Courtesy of Roxanne C., Philadelphia PA
Ever since SPIN-Farming was introduced seven years ago, one question has come up repeatedly. Entrepreneurs out to make a buck in such wide ranging places as Miami, Ulster and Nairobi ask, “Can SPIN work here?” The answer is that SPIN can work wherever there are markets to support it.
SPIN is a business model, not a growing method. It produces the net income levels of traditional farming, while eliminating much of its costs, complexity and uncertainty. It achieves this by recasting farming as a highly skilled service in a city or town. That is the point agricultural economists and consultants and academics who want to “scale SPIN up” miss. Sure they can apply SPIN’s intensive growing practices to 20 acres or 30 acres, or beyond. But in doing so, they run smack into the dis-economies of scale that have dug farming into a hole – long distances from markets, heavy debt loads, staggering land costs, significant overhead, the need for additional labor, high energy use. Not only is this dead ending many new farming careers, it is also exclusionary, keeping farming off limits to all but the privileged few who can afford land and access capital.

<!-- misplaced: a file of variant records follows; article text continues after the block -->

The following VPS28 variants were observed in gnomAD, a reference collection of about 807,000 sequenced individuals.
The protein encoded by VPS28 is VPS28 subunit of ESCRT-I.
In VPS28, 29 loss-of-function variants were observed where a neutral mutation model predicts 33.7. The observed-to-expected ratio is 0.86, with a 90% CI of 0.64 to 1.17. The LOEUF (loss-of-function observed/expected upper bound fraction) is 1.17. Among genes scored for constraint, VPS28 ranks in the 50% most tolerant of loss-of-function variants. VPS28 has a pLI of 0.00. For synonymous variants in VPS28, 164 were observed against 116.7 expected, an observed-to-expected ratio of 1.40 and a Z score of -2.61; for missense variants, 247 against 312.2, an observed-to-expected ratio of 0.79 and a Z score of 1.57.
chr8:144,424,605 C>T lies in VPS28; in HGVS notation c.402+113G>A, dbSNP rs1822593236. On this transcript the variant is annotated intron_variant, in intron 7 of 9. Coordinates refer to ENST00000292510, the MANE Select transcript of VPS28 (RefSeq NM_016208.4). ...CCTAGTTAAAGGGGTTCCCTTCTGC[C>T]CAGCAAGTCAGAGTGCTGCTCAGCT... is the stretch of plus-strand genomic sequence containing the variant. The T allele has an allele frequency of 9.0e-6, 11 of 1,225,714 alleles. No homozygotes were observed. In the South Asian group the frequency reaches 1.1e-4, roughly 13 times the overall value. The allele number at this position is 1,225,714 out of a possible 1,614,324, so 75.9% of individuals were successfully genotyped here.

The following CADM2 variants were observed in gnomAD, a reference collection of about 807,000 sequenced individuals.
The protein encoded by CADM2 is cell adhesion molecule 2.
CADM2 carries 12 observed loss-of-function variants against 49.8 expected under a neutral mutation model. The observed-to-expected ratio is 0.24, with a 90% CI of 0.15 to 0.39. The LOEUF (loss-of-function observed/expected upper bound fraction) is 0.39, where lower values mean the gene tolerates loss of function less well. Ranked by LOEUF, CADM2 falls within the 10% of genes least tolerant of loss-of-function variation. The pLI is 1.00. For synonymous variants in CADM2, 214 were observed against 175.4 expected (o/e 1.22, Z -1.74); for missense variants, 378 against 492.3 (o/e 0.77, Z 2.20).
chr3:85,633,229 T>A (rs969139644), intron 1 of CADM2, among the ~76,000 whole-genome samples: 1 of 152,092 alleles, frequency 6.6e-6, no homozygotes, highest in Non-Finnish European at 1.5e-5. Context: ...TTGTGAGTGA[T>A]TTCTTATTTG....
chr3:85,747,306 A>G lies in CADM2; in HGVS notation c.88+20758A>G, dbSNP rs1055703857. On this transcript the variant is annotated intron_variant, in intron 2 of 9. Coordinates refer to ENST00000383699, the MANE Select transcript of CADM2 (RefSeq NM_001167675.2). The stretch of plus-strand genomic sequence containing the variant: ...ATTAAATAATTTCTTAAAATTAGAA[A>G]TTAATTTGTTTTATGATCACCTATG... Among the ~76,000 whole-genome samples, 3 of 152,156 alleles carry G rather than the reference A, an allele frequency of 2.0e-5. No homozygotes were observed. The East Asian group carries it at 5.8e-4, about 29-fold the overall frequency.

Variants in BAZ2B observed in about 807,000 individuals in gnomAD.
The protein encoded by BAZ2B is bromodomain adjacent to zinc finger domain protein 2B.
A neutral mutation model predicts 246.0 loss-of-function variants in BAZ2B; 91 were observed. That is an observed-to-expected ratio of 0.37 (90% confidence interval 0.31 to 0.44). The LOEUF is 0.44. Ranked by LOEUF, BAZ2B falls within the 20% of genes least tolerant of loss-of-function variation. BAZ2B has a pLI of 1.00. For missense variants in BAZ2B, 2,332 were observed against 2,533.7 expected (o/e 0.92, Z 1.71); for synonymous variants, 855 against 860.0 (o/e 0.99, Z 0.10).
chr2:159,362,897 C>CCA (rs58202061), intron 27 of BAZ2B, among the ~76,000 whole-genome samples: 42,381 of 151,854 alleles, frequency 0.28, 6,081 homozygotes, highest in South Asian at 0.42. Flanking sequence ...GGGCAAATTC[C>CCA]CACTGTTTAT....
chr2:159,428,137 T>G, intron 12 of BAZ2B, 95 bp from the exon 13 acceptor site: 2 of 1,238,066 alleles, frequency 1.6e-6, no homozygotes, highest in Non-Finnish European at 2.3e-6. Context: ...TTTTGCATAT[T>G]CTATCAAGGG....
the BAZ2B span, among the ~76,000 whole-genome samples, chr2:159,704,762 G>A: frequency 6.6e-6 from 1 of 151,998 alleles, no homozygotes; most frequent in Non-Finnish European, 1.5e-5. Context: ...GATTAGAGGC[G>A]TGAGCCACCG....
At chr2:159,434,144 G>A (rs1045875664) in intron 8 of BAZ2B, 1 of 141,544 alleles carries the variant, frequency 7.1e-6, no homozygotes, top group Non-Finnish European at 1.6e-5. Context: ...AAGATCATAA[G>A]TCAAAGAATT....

SPIN turns farming into a business opportunity that anyone can pursue right in their own backyards or neighborhoods. They don’t have to be interested in the politics surrounding food, sustainability or organics. They can quickly learn the SPIN system and get an income producing business in and off the ground in months, with a low four figure investment.
Not surprisingly, then, there is no one profile of a SPIN farmer. Some are young and just starting out. Others are on their third or fourth careers, and still others are retired and looking for extra income and something productive to do. Some are doing it in the urban jungle and others on the suburban fringe. Some have been avid gardeners, while others have never had dirt under their fingernails. Some always had the money they wanted. Others never had as much as they needed. They span generations, geography and socio- economic backgrounds, but what unites them all is a desire to make money by meeting the demand for local food.
If you are trying to scale up SPIN, we understand the temptation, but don’t waste your time. The optimal farm size is getting smaller, and the status quo is moving towards making more from less. What’s important is scaling up the number of new farmers. As I write this I see orders for SPIN guides coming in from Porterville CA, Bredbo NSW, Portugal Cove, NL, and Cape Coral FL. They are from people who see an opportunity to grow food and make money. And that, remember, is what farming is about.
LIFE DOWN ON THE BACKYARD FARM